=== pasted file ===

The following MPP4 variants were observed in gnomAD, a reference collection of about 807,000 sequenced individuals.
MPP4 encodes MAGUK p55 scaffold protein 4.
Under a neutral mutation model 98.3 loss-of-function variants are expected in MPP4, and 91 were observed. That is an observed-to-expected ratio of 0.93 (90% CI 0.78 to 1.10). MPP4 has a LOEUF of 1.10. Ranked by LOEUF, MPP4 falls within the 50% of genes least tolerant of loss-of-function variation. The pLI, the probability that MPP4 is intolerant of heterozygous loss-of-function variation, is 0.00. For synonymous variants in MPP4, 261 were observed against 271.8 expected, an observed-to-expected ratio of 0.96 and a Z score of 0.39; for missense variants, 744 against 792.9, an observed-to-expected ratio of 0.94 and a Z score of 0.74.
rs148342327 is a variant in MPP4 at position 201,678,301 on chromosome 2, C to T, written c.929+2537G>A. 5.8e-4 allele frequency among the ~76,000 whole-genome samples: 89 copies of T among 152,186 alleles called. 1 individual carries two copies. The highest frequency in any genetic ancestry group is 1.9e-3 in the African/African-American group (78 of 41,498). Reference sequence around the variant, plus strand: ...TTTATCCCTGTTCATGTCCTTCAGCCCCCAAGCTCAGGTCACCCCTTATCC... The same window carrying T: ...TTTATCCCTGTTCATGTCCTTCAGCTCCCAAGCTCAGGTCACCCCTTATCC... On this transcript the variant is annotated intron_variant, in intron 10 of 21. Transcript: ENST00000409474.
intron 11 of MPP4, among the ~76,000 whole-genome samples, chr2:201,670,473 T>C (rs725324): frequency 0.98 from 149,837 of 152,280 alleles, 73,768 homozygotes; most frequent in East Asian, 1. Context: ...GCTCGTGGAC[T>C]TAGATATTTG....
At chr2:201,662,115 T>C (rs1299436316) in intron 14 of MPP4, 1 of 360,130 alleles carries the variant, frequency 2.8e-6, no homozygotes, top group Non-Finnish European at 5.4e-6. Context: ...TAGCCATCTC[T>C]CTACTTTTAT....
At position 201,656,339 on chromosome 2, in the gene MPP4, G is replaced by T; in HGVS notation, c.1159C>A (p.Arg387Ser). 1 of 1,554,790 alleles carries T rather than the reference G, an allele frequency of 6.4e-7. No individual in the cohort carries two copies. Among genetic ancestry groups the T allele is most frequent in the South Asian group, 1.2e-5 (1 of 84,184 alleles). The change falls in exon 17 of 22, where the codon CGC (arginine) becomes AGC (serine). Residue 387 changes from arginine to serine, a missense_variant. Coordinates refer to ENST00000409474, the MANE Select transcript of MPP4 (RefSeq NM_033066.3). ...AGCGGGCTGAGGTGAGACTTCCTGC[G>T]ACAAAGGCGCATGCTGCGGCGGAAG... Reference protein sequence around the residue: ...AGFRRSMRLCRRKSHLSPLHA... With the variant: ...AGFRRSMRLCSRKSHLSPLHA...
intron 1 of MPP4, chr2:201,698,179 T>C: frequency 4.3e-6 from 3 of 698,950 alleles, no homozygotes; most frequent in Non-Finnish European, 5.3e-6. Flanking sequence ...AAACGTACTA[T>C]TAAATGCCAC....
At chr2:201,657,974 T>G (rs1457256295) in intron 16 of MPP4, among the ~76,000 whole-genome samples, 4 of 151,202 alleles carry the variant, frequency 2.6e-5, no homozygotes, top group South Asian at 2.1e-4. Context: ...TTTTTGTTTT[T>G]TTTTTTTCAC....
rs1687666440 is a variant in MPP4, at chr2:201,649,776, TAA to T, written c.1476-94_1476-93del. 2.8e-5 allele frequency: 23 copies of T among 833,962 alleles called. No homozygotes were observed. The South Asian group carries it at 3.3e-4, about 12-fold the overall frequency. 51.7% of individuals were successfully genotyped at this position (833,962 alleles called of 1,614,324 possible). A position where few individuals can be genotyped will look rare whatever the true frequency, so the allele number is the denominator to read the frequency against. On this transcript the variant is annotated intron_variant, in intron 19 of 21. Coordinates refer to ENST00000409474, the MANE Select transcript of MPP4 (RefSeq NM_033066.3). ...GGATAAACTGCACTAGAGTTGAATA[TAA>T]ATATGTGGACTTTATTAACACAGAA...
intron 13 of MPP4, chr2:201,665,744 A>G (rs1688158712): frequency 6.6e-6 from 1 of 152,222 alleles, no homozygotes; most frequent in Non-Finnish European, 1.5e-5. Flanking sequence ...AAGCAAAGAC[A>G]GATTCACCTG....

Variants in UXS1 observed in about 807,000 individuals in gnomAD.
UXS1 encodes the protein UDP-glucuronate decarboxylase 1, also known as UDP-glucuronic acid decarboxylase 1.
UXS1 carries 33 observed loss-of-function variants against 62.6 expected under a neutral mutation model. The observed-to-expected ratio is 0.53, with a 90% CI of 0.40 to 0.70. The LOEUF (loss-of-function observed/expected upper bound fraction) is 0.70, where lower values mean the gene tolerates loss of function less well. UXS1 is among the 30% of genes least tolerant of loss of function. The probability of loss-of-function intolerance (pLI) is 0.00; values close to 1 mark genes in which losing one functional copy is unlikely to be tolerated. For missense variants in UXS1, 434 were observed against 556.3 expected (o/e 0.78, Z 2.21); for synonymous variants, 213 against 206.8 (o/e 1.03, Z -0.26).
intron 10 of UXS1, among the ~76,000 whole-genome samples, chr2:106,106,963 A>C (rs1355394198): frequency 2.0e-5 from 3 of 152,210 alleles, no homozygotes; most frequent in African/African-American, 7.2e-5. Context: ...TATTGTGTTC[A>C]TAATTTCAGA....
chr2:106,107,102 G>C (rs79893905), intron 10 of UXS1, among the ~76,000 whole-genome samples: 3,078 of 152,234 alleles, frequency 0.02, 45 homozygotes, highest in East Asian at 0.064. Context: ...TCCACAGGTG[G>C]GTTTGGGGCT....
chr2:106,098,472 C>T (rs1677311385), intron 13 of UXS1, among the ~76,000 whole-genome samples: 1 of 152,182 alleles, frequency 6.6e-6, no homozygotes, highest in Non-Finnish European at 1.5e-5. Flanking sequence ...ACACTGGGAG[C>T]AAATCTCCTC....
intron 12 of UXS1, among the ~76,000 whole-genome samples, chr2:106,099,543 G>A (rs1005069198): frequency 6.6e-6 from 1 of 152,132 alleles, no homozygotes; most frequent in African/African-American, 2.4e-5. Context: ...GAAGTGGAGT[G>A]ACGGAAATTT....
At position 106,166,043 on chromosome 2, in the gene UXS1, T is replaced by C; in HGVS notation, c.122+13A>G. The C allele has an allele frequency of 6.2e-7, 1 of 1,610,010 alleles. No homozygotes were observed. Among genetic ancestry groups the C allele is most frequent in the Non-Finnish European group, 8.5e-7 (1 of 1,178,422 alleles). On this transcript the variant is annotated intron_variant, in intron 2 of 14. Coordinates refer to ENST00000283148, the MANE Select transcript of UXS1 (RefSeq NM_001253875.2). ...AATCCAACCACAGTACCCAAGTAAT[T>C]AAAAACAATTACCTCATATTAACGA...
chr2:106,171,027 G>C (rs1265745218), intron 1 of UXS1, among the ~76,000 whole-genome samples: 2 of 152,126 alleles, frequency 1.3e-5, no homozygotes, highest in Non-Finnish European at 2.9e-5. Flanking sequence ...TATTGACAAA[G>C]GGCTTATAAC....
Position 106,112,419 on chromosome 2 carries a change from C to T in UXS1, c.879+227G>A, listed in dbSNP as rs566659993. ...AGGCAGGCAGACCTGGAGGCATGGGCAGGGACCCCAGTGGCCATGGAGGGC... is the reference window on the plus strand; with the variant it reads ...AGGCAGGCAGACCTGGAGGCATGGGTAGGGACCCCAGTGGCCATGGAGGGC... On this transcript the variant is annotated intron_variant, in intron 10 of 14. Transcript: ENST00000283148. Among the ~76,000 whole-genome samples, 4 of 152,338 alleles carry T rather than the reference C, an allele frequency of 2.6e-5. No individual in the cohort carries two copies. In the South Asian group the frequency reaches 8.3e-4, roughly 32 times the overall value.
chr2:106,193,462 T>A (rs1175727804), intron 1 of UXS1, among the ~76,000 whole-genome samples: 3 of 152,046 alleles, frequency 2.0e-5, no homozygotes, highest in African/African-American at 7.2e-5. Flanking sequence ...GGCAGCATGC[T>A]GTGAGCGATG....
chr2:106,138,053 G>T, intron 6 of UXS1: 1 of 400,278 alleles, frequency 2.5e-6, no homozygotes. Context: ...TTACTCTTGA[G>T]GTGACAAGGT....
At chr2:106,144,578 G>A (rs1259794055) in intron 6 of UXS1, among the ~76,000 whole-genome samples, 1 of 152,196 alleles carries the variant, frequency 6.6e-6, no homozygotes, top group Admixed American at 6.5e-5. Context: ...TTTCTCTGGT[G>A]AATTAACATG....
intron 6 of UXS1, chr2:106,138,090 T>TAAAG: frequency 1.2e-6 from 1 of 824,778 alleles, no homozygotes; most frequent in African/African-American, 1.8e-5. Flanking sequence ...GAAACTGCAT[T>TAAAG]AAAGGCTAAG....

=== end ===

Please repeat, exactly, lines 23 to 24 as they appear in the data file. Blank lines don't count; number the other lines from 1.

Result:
chr2:106,138,053 G>T, intron 6 of UXS1: 1 of 400,278 alleles, frequency 2.5e-6, no homozygotes. Context: ...TTACTCTTGA[G>T]GTGACAAGGT....
At chr2:106,144,578 G>A (rs1259794055) in intron 6 of UXS1, among the ~76,000 whole-genome samples, 1 of 152,196 alleles carries the variant, frequency 6.6e-6, no homozygotes, top group Admixed American at 6.5e-5. Context: ...TTTCTCTGGT[G>A]AATTAACATG....